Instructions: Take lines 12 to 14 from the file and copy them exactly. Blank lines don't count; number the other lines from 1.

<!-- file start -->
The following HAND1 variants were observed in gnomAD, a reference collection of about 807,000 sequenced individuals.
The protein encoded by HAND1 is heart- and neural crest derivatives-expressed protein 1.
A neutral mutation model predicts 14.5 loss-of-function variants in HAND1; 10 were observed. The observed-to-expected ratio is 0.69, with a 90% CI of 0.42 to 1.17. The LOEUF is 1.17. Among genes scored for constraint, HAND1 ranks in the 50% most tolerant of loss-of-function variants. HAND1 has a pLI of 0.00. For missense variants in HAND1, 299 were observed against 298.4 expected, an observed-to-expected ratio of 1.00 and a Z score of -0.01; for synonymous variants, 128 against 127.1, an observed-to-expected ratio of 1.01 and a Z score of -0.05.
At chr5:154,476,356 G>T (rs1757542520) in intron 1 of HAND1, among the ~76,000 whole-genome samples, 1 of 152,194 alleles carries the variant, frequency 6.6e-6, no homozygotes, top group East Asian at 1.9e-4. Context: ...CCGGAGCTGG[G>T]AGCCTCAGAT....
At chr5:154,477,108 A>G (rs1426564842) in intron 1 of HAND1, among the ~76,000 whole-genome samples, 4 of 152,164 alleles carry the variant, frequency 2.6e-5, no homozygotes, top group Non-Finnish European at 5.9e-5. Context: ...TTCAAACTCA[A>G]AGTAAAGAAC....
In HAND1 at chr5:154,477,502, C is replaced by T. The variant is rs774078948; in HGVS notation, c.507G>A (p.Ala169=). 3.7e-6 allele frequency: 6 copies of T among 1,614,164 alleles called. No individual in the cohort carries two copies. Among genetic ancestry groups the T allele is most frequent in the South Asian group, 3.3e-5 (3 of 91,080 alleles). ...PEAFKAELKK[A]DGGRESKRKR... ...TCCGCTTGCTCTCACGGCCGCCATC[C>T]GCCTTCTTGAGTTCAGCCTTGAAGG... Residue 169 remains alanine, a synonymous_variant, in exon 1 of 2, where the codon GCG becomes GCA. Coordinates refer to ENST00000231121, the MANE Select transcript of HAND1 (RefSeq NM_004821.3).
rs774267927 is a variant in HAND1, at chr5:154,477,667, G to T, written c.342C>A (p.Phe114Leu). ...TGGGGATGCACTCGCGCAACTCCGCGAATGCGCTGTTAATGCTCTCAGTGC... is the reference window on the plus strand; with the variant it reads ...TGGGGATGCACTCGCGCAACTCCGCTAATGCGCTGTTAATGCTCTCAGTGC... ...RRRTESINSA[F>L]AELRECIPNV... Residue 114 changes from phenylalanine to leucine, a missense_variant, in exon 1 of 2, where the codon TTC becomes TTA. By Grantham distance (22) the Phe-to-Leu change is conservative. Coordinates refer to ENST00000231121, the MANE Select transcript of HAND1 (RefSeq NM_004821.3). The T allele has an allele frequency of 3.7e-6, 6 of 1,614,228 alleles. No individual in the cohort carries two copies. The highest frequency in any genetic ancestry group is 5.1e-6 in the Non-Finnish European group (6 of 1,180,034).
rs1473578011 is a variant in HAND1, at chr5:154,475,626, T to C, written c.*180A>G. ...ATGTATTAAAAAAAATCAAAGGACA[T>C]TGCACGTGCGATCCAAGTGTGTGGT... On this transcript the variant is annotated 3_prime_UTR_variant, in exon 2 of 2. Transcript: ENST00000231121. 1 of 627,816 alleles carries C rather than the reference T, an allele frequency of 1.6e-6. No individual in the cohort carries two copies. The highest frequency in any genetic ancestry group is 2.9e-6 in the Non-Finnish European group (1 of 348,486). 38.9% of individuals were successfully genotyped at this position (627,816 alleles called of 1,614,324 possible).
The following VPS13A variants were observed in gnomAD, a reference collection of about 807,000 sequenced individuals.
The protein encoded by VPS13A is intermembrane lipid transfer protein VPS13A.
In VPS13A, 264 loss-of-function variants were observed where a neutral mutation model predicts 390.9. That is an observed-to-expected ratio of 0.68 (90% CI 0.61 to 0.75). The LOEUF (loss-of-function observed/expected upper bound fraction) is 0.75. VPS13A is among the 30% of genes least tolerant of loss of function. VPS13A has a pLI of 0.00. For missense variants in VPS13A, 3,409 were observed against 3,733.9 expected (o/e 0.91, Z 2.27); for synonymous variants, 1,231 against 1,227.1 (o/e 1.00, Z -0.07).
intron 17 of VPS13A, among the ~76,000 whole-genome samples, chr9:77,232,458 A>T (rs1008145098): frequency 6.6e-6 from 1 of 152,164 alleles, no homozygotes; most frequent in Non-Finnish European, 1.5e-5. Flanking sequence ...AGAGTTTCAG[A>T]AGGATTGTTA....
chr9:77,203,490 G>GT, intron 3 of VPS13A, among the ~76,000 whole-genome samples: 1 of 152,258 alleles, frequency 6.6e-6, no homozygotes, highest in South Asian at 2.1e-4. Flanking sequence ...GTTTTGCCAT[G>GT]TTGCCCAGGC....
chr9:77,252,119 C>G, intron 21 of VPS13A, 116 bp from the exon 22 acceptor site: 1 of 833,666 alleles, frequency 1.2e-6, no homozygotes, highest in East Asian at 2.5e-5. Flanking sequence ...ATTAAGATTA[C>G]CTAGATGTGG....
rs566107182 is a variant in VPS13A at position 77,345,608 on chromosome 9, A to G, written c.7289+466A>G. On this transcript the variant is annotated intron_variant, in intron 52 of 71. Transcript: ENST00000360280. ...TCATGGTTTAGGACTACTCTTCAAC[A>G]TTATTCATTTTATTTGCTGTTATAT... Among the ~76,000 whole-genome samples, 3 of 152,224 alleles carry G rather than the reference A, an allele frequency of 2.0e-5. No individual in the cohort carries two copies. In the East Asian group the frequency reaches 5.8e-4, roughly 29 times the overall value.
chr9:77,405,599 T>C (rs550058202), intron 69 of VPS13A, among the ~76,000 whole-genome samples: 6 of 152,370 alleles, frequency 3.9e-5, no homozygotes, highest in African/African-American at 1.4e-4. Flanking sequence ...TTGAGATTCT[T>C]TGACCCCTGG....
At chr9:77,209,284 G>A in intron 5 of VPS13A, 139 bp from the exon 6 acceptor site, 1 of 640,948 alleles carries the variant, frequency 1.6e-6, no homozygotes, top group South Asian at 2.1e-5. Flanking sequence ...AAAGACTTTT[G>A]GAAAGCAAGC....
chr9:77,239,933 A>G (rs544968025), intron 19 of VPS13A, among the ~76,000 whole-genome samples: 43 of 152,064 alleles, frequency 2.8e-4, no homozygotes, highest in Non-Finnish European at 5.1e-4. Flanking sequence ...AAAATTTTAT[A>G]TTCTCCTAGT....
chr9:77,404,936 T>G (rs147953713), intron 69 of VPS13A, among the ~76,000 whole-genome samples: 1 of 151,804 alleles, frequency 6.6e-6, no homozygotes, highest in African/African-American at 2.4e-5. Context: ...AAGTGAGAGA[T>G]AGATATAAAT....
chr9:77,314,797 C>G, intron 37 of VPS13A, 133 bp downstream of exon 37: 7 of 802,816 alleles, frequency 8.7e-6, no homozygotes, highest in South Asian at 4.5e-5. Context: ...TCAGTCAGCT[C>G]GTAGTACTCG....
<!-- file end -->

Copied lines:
intron 17 of VPS13A, among the ~76,000 whole-genome samples, chr9:77,232,458 A>T (rs1008145098): frequency 6.6e-6 from 1 of 152,164 alleles, no homozygotes; most frequent in Non-Finnish European, 1.5e-5. Flanking sequence ...AGAGTTTCAG[A>T]AGGATTGTTA....
chr9:77,203,490 G>GT, intron 3 of VPS13A, among the ~76,000 whole-genome samples: 1 of 152,258 alleles, frequency 6.6e-6, no homozygotes, highest in South Asian at 2.1e-4. Flanking sequence ...GTTTTGCCAT[G>GT]TTGCCCAGGC....
chr9:77,252,119 C>G, intron 21 of VPS13A, 116 bp from the exon 22 acceptor site: 1 of 833,666 alleles, frequency 1.2e-6, no homozygotes, highest in East Asian at 2.5e-5. Flanking sequence ...ATTAAGATTA[C>G]CTAGATGTGG....